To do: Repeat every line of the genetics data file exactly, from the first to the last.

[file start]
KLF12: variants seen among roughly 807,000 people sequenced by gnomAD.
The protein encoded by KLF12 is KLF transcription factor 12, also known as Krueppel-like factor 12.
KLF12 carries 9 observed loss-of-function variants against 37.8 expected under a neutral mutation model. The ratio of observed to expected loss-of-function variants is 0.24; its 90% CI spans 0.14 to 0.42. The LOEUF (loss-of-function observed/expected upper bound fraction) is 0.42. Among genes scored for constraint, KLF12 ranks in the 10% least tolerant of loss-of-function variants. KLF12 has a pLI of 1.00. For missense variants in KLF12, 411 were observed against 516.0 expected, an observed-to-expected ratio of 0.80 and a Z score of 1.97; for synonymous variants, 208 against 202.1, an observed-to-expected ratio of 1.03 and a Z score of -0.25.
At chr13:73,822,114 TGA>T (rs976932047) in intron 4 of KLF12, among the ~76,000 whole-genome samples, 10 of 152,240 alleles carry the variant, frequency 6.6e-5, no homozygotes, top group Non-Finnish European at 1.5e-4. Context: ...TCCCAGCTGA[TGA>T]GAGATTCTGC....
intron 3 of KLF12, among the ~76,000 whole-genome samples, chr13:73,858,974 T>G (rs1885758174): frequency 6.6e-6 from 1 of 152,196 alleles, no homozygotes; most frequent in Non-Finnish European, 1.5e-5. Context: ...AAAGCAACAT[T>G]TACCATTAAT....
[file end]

KLF12: variants seen among roughly 807,000 people sequenced by gnomAD.
The protein encoded by KLF12 is KLF transcription factor 12, also known as Krueppel-like factor 12.
KLF12 carries 9 observed loss-of-function variants against 37.8 expected under a neutral mutation model. The ratio of observed to expected loss-of-function variants is 0.24; its 90% CI spans 0.14 to 0.42. The LOEUF (loss-of-function observed/expected upper bound fraction) is 0.42. Among genes scored for constraint, KLF12 ranks in the 10% least tolerant of loss-of-function variants. KLF12 has a pLI of 1.00. For missense variants in KLF12, 411 were observed against 516.0 expected, an observed-to-expected ratio of 0.80 and a Z score of 1.97; for synonymous variants, 208 against 202.1, an observed-to-expected ratio of 1.03 and a Z score of -0.25.
At chr13:73,822,114 TGA>T (rs976932047) in intron 4 of KLF12, among the ~76,000 whole-genome samples, 10 of 152,240 alleles carry the variant, frequency 6.6e-5, no homozygotes, top group Non-Finnish European at 1.5e-4. Context: ...TCCCAGCTGA[TGA>T]GAGATTCTGC....
intron 3 of KLF12, among the ~76,000 whole-genome samples, chr13:73,858,974 T>G (rs1885758174): frequency 6.6e-6 from 1 of 152,196 alleles, no homozygotes; most frequent in Non-Finnish European, 1.5e-5. Context: ...AAAGCAACAT[T>G]TACCATTAAT....